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February 23, 1933 - Image 1

Resource type:
Text
Publication:
The Michigan Daily, 1933-02-23

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Weather
d; possibly local rain
older Thursday. Fri-
led.

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Editorials
Ann Arbor's Water Supp
Dilemma; False Prophet.

No. 102

ANN ARBOR, MICHIGAN, THURSDAY, FEB. 23, 1933

PRICE FIVE

Notes

Unofficially Named As Appointees To Cabinet
> ~LSEMI

JnpaidBy
)ver 3001
)se Holding Them May
e Forced To Withdraw
rom The University In
wo Or Three Days
re Feb. 13, Given
Ldditional 2 Weeksj

Ann Arbor Banks To Cash
Checks Only When Drawn
AgainstNew 'Trust Funds

otes Carried At
erest Does Not
Bookkeeping
t Fund Charge
7 300 students will be
aw from the Univer-
or three days unless
on of the terms of
d tuition notes still
,rranged. In spite of
y 319 students have
during the past week.
ginally fell due Feb.
holding them have
an additional two
niversity in which to
cording to the notes
ed by the students,
unable to make the
payment must with-
ol.
y rumored, however,
authorities are seek-
3ngexents which will
lent note holders to
Jnversity.
d last week that the
notes, installed ap-
years ago, have be-
used during the de-
e additional clerical
makes them unsatis-
shier's office handles
nasmuch as the serv-
charge, is insufficient
the bookkeeping and,
i the money taken
funds.
was pointed out by
tkins, assistant sec-
niversity, that of the
rred tuition notes an
ber of holders may
t the University and
their withdrawal
reached the cashier's
lost of these students
terde in the fall in-
nain for only one

SEN. CLAUDE A. SWANSON

THOMAS J. WALSH

HENRY A. WALLACE

_ i

Admission Cut
For Slide Rule,
AnnualFormal
Dance To Be Held March
31 In Union Ballroom;j
Tickets On Sale Soon
At a meeting of the committee for
the Slide Rule dance, annual formal
of the engineering college to be held
March 31 in the Union ballroom, a
price of $2.50 for this year's tickets
was established. This is in keeping
with the general trend on the cam-
pus, committeemen stated, which
calls for lower prices on all dances
this year. It is $1.00 cheaper than
last year's dance.
Tickets are to be placed on sale
within the next few days at the Un-
ion, Slater's and Wahr's, as well as
at the University Club in Detroit.
Richard N. Cogger, '33E, general,
chairman, stated that this is the
fourth annual Slide Rule dance to
be sponsored by the Michigan Tech-
nic, engineering students' publica-
tion.
More than a dozen orchestras have
sent in bids to date, according to
Cogger, including Jan Garber, Henry
Theis, Ace Brigade, Hal Kemp, Bar-
ney Rapp, Emerson Gill, and the
Casa Loma orchestra which furnish-
ed the music for last year's party.
Michigan Banks Reveal
Reopening casures
DETROIT, Feb. 22.-VP)-Here are
what some Michigan banks plan to
do tomorrow, the opening day for the
states closed institutions under a
proclamation of Gov. William A.

Suspect Held
For .Grilling In
Store Robbery
Czmolnck Remains Silent;
Has Prison Record On
Breaking-Entering Count
A possible solution to the theft of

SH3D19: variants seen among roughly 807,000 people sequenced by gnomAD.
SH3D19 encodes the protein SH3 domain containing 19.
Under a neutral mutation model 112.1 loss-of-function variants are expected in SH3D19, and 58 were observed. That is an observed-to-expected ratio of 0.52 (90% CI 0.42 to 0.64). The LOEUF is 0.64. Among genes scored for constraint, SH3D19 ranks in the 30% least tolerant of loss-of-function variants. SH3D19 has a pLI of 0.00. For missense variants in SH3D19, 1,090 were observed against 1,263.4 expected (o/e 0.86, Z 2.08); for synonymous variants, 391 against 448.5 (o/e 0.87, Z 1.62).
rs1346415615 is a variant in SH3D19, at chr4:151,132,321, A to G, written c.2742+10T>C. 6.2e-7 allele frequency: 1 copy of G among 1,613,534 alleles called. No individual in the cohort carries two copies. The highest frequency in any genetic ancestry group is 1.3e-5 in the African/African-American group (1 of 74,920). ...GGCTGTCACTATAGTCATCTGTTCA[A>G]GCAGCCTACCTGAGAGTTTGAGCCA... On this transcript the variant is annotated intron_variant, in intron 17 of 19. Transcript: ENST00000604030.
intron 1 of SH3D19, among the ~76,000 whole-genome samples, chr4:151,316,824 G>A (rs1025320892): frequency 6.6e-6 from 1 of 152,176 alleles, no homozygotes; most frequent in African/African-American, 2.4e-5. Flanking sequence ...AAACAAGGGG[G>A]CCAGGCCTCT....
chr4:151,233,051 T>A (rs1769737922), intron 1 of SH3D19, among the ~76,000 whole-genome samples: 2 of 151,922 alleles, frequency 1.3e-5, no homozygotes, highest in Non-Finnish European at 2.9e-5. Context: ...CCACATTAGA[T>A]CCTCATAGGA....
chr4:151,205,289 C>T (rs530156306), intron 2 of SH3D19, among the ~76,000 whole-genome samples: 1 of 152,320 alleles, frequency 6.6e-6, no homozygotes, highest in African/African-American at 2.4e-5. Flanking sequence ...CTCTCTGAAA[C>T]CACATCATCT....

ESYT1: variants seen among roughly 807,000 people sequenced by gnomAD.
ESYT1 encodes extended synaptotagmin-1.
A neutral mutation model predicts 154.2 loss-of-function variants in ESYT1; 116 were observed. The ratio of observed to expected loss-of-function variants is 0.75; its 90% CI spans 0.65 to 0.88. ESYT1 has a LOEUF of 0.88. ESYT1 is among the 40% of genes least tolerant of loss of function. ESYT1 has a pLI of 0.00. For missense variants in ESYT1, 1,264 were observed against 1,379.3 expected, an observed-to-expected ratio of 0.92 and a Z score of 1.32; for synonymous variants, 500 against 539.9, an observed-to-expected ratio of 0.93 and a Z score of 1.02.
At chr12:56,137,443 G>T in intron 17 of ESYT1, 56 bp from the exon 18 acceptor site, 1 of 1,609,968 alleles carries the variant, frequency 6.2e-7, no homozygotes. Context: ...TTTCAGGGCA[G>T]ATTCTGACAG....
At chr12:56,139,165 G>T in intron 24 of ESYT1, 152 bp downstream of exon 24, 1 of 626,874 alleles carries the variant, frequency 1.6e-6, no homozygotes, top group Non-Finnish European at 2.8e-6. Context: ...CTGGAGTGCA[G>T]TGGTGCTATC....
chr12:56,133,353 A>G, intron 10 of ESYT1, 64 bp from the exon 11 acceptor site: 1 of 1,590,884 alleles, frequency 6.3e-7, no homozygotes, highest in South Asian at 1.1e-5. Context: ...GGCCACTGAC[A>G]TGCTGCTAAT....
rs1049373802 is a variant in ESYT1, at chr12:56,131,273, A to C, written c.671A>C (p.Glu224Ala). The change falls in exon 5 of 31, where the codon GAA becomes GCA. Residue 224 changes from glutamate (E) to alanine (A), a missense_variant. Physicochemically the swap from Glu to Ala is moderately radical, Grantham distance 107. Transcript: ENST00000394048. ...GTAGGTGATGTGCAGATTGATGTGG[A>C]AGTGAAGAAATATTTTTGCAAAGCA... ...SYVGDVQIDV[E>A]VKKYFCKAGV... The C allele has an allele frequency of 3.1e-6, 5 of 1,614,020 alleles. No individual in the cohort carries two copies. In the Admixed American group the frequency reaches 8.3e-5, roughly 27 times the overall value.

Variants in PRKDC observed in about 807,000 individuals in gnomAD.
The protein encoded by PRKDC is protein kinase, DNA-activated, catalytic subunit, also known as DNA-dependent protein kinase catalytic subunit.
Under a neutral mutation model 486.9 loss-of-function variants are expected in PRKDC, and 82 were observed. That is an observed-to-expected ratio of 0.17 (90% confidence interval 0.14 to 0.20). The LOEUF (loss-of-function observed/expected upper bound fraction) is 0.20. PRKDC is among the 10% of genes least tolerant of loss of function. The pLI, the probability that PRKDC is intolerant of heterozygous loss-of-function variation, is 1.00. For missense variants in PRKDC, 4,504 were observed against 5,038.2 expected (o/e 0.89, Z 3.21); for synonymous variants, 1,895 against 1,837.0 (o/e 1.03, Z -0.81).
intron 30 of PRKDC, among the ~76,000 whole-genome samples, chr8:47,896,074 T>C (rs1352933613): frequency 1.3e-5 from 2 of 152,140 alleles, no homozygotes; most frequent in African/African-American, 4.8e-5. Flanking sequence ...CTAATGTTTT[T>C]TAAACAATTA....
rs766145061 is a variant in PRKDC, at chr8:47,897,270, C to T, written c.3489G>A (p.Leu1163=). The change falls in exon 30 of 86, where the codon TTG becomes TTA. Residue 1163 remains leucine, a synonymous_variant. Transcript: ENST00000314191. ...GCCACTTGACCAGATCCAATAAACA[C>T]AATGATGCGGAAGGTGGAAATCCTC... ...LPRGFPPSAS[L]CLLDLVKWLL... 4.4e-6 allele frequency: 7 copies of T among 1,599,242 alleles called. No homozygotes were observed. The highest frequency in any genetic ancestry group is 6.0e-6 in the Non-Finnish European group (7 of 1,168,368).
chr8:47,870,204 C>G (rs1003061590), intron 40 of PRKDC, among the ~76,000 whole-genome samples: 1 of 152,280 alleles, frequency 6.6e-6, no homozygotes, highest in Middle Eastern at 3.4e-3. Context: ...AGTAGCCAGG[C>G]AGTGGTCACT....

$3,000 worth of merchandise. from
the Swisher Grocery Co. Saturday
was announced .by police. yesterday
with the arrest of John Czmolnck,
'33, of Detroit.
On the morning of the robbery Of-
ficer William' Hitchingham, patrol-
ling his beat, noticed a car parked
on West Washington Street. Hitch-
ingham recorded the car license and
after the robbery was discovered later
in the morning the license was
checked. The owner of the car, it was
found, was Czmolnck, and he was
brought to the County Jail to be held
for investigation.
Czmolnck refused to talk, but a set
of 1933 license plates was discovered
in the car. Police believe that-these
were kept in case a "quiick exchange".
of lic nses should ever bneces .
Cztmolnck has seied timein the
state prison at Jackson on charges
of grand larceny and breaking and
entering. No date has been set for his
examination.
First Issue Of
Union Bulletin
Out Tomorrow
Will Discuss Activities In
Detail And Outline Plans
For The Future
The first issue of the University of
Michigan Union bulletin, a four-page
paper detailing Union activities, will
make its -appearance tomorrow, John
H. Huss, '33, recording secretaryof
the Unioh, announced yesterday.
The bulletin is primarily intended
to acquaint students with the activi-
ties of the Union, Huss said. It will
take up the activities or the Union
in detail, discuss the various tourna-
ments being run off at the present
time, and tell of other work being
done now with a brief outline of
plans for the future.
One of the features of the publica-
tion will be an article on the Student
Council entitled, "The Return of the
Prodigal Son.d
Announcement is made in the bul-
letin of the first of a projected series
of, Sunday afternoon- discussion
groups to be held in the lobby of the
,Union and led by prominent men
from outside the campus. The first
of these discussions will be held
March 12 and will be addressed by
James K. Watkins, Michigan grad-
uate and Detroit Police Commis-
sioner.
An article on the Student Good-
Will Fund by Huss, chairman of the
drive, is also included.
This publication is being put out